Very few of my experiences with wine have been as texturally compelling as this one, but perry regularly sends me into raptures with the sensations that it offers. Many of the flavours found in perry are also to be found in wine, yet its mesmerising array of novel and variegated textures are entirely its own. Where else could one encounter the rounded softness of Blakeney Red, the luscious viscosity of Plant de Blanc, the rasping angularity of Thorn or the full-bodied fleshiness of Flakey Bark? The sheer diversity of styles is breathtaking, but perhaps my favourite one of all is the airy, featherweight style of Oldfield and the Huffcaps, with their diaphanous, gossamer-fine texture that trips and dances over the tongue like a mountain stream over smooth pebbles. These varieties have little in the way of tannin and the most delicate and graceful acidity, producing a drink that feels so ethereal as to be almost insubstantial. But this impression of weightlessness is deceptive. Within the sylphlike structure, a profusion of flavours gradually ebbs and flows. In this liminal space, each flavour fades in and out of our awareness or hovers at the edge of our perception, occupying an interval between presence and absence. It strikes me as positively miraculous that such a fragile frame can hold so many twists and turns and exude such breathtaking vitality.
For a committed flavour chaser, this experience is frustrating, humbling and eventually enlightening. The gently oscillating flavours resist our powers of analysis. They are almost impossible to pin down, to the point that we start to doubt our tasting abilities and resent the perry in our glass. But then, in a sudden moment of clarity, it all clicks into place. We are struck by the dawning realisation that grasping the essence of this drink is not a question of analysis, but rather of synthesis: What makes this style of perry so special isn’t a list of individually identifiable flavours, but the way in which the texture alternately reveals and conceals each flavour, generating a complex and ever-shifting whole that exceeds the sum of its parts. Our realisation that the truth lies in this dynamic textural totality immediately alleviates our frustration, leaving us in a Zen-like state of serenity in which all is right with the world. As experiences go, it’s truly mind-bending. You should probably try it sometime.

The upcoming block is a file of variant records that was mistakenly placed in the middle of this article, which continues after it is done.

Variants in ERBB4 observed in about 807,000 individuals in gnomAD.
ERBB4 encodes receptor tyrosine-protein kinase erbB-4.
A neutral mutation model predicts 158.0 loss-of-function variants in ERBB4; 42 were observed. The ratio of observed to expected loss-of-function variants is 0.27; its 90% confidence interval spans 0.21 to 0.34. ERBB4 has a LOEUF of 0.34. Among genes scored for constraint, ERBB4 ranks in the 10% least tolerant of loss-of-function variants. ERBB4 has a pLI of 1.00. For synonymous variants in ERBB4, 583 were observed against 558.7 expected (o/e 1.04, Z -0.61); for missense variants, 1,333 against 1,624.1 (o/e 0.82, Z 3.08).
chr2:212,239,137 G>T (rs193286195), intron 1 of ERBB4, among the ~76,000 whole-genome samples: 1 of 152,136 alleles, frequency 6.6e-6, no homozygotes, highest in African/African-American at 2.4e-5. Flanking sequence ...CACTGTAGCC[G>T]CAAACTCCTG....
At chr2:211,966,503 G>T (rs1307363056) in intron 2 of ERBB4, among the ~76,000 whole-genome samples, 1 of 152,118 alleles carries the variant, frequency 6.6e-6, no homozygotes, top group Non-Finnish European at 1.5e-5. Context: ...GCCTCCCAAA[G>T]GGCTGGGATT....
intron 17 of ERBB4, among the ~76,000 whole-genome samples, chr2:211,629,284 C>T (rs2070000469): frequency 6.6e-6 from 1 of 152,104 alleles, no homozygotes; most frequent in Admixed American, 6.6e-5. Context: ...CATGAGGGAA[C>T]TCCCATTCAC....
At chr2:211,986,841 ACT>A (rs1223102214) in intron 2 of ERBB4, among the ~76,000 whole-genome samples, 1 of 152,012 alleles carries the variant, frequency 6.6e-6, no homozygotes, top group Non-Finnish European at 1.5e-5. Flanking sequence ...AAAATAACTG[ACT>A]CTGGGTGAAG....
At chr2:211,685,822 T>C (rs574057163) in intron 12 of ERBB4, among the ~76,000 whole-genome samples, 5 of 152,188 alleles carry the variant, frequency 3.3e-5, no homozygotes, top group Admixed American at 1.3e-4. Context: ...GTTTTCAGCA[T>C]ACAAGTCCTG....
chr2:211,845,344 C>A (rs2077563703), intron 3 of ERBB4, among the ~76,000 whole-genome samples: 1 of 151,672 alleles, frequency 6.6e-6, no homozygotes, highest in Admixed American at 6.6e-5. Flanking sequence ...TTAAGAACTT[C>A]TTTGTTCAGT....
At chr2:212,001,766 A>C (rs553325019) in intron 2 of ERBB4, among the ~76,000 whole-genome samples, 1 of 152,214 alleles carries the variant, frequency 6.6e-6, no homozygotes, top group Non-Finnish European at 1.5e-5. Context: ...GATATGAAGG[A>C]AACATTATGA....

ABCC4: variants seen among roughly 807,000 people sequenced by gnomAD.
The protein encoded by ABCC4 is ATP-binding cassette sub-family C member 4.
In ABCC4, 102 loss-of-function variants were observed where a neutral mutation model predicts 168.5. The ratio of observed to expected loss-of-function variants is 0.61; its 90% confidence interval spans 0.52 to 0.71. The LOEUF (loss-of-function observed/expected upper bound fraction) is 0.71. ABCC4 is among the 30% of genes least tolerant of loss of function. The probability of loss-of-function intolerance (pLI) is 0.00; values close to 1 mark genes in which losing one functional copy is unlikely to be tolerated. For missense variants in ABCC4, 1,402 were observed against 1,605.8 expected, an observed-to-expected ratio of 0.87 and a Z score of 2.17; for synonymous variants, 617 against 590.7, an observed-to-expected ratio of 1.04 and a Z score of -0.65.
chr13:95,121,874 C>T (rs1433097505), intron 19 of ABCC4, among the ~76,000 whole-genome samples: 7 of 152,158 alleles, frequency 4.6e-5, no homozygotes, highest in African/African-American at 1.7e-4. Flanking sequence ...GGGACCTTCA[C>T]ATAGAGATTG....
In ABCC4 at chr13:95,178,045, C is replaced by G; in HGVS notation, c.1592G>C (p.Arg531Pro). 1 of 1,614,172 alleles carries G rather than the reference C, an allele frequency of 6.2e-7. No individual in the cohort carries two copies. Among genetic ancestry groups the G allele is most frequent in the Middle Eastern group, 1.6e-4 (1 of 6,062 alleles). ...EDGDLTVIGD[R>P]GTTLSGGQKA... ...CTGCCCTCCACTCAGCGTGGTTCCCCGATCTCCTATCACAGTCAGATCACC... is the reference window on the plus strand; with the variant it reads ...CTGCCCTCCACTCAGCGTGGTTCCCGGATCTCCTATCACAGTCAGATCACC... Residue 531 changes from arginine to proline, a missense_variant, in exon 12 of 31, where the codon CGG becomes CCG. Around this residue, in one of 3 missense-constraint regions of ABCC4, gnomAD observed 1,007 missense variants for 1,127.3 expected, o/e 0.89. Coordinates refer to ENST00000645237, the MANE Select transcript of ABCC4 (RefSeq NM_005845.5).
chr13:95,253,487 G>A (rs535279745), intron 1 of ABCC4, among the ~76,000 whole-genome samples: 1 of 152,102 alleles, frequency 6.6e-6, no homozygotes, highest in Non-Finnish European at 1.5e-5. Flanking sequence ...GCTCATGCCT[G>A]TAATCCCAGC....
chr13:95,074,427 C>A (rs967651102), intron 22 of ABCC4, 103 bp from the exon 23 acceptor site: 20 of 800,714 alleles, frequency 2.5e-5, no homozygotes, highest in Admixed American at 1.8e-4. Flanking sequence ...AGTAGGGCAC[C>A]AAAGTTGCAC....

Anyway, I should probably come back down to earth for a moment and consider some of the constituent components of texture. After all, Cider Review was not designed as a platform for me to take my readers on a psychedelic trip through the recollected contents of my mouth. The major components of a cider or perry’s texture are alcohol, glycerol, tannin, acidity and sugar. They can and should be described both quantitatively (how much is there?) and qualitatively (what does it feel like?). Let’s briefly go through them one by one.
- Alcohol: This is the result of the fermentation of natural sugars by yeasts. It is largely flavourless, but we would miss it if it wasn’t there! I am firmly convinced that, quite apart from its obvious intoxicating effects, alcohol is a vehicle for flavour. Although I have had some excellent ciders and perries that are relatively low in alcohol, I have yet to try a non-alcoholic cider that tastes like the real thing. Having said that, I don’t believe that more alcohol is always an indicator of higher quality. High ABV typically results in a fuller body, which is welcome in some styles of cider, but I don’t think that cider or perry should produce a ‘hot’ sensation in the mouth. The alcohol shouldn’t stand out, but should rather be well-integrated with the other structural components of the drink.